mathstudent55
 one year ago
Best ResponseYou've already chosen the best response.2Let's see. Choice D. starts with n = 0. What do you get when you replace n with 0 below? \(a_n = 4(12)^{n  1} \) \(a_0 = 4(12)^{0  1} \) What is \(a_0\) ?

mathstudent55
 one year ago
Best ResponseYou've already chosen the best response.2\(a_0 = 4(12)^{0  1} = 4 (12)^{1} = \dfrac{4}{12} = \dfrac{1}{3}\) Correct. We are told the first term is 4. That means this cannot be the answer.

anonymous
 one year ago
Best ResponseYou've already chosen the best response.0Yeah, I was hesitant on my answer. Glad I checked!

anonymous
 one year ago
Best ResponseYou've already chosen the best response.0So it would be C., correct?

mathstudent55
 one year ago
Best ResponseYou've already chosen the best response.2In the previous problem we had an arithmetic sequence. Notice this is a geometric sequence. Do you know the difference between a geometric sequence and an arithmetic sequence?

mathstudent55
 one year ago
Best ResponseYou've already chosen the best response.2In an arithmetic sequence (as we saw in the earlier problem) there is a common difference. If you add the common difference to a term, you get the next term. To find the common difference, subtract a term from the next term. In a geometric sequence there is a common ratio. If you multiply a term by the common ratio, you get the next term. To find the common ratio, divide a term by the previous term.

mathstudent55
 one year ago
Best ResponseYou've already chosen the best response.2Look at the first term and the second term: 4 and 8. What is 8/4 = ?

mathstudent55
 one year ago
Best ResponseYou've already chosen the best response.2Right. The common ratio is 2, so you need an equation with a 2. That means we need A. or B.

anonymous
 one year ago
Best ResponseYou've already chosen the best response.0The sequence follows by 8, 16, 32, 64 . . .

mathstudent55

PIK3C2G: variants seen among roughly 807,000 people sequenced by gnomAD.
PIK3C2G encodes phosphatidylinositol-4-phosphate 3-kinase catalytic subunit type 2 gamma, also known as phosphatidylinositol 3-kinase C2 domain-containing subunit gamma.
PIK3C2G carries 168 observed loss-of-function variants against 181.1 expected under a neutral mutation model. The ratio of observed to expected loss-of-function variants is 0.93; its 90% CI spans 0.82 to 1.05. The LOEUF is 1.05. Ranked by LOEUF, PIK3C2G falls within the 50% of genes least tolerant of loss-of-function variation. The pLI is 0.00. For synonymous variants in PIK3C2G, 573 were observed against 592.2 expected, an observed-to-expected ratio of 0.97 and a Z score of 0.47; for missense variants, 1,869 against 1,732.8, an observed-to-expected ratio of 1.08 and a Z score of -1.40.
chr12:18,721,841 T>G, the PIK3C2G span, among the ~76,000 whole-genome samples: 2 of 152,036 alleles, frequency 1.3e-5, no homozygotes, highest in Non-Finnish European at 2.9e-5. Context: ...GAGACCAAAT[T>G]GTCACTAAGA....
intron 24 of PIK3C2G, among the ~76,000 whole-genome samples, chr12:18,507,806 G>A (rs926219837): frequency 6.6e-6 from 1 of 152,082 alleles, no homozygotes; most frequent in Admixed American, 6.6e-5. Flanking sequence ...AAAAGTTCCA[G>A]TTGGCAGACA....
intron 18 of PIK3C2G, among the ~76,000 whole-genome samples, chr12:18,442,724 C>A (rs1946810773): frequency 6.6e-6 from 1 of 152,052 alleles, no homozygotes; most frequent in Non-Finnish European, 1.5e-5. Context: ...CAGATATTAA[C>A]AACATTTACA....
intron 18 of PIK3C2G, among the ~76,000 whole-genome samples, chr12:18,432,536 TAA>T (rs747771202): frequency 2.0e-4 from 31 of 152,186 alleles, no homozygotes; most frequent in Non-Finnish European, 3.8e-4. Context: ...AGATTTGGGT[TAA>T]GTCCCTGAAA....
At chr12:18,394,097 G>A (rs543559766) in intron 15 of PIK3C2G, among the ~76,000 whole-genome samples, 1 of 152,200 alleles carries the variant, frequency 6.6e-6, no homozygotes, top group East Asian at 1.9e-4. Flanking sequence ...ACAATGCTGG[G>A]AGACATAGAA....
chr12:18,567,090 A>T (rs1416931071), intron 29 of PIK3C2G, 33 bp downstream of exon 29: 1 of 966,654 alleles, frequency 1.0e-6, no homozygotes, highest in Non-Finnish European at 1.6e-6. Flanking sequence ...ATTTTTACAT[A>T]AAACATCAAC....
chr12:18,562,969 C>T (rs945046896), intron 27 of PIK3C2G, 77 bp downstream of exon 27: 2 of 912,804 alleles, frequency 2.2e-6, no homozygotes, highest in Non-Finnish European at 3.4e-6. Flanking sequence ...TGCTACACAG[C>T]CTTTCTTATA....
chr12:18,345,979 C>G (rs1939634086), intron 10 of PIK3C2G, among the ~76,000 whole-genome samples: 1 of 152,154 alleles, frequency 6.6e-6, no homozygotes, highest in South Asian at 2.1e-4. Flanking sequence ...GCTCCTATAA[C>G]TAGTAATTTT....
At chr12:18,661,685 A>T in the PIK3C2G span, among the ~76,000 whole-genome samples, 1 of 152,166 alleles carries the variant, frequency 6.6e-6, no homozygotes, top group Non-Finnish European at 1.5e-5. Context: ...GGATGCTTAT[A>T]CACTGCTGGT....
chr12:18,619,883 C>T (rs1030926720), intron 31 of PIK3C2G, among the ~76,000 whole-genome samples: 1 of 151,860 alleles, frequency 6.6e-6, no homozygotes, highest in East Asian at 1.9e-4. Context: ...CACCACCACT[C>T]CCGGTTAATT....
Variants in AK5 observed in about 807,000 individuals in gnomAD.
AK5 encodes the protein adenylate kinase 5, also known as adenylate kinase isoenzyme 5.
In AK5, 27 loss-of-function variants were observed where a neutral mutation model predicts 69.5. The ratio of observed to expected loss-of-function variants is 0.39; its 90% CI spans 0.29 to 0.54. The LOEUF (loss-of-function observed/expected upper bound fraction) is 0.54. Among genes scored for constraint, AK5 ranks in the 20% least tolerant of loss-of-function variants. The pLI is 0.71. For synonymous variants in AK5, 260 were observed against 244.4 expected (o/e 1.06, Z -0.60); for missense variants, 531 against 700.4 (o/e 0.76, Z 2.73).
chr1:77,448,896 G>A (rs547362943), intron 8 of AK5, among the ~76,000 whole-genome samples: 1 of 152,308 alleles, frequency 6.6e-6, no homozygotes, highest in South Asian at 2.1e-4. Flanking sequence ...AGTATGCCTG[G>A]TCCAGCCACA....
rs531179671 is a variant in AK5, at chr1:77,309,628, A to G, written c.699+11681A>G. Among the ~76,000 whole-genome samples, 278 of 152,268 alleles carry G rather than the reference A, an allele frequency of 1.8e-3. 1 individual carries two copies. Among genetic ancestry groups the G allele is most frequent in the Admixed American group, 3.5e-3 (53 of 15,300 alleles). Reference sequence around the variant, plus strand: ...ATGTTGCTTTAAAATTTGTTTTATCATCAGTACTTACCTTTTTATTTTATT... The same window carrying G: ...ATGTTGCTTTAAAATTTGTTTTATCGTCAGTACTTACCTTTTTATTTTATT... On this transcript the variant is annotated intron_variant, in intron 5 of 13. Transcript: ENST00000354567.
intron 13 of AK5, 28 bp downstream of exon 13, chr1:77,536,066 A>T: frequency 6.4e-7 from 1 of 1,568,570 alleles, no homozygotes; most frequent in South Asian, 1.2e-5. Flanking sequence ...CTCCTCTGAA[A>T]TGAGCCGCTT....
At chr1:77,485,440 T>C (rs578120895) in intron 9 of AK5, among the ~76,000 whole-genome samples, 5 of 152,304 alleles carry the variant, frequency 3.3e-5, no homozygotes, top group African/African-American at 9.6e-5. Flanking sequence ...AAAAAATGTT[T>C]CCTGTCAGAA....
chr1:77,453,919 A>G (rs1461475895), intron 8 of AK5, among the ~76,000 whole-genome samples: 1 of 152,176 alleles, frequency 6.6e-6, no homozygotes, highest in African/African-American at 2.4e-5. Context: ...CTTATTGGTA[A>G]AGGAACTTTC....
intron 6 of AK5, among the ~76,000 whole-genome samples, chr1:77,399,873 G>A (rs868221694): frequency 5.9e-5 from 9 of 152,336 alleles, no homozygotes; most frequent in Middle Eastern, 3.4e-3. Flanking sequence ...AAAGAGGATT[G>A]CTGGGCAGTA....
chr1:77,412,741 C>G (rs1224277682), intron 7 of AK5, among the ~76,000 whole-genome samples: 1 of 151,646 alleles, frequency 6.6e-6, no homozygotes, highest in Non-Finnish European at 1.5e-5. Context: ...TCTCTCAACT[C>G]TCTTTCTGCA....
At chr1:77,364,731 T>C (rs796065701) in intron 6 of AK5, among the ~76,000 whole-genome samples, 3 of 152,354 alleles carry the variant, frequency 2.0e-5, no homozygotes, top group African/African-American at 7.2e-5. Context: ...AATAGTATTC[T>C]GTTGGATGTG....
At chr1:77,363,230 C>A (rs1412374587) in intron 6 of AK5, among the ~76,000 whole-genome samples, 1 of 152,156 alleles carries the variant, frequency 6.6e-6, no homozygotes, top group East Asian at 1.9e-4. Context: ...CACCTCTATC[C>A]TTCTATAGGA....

one year ago
Best ResponseYou've already chosen the best response.2B. is correct because it gives us the correct first term, 4.

anonymous
 one year ago
Best ResponseYou've already chosen the best response.0Okay, just asking, but why wouldn't it be A.?

mathstudent55
 one year ago
Best ResponseYou've already chosen the best response.2Let's look at A. \(a_n =4(2)^{n  1} \); \(n \ge 0\) The first term uses n = 0: \(a_0 =4(2)^{0  1} \) What is \(a_0\) using choice A.?

mathstudent55
 one year ago
Best ResponseYou've already chosen the best response.2Right, but we were told the first term is 4, so A. cannot be correct.

anonymous
 one year ago
Best ResponseYou've already chosen the best response.0Ooo okay. Got it! Thank you so much!

anonymous
 one year ago
Best ResponseYou've already chosen the best response.0I got 100%!! Thanks so much!
Ask your own question
Sign UpFind more explanations on OpenStudy
Your question is ready. Sign up for free to start getting answers.
spraguer
(Moderator)
5
→ View Detailed Profile
is replying to Can someone tell me what button the professor is hitting...
23
 Teamwork 19 Teammate
 Problem Solving 19 Hero
 Engagement 19 Mad Hatter
 You have blocked this person.
 ✔ You're a fan Checking fan status...
Thanks for being so helpful in mathematics. If you are getting quality help, make sure you spread the word about OpenStudy.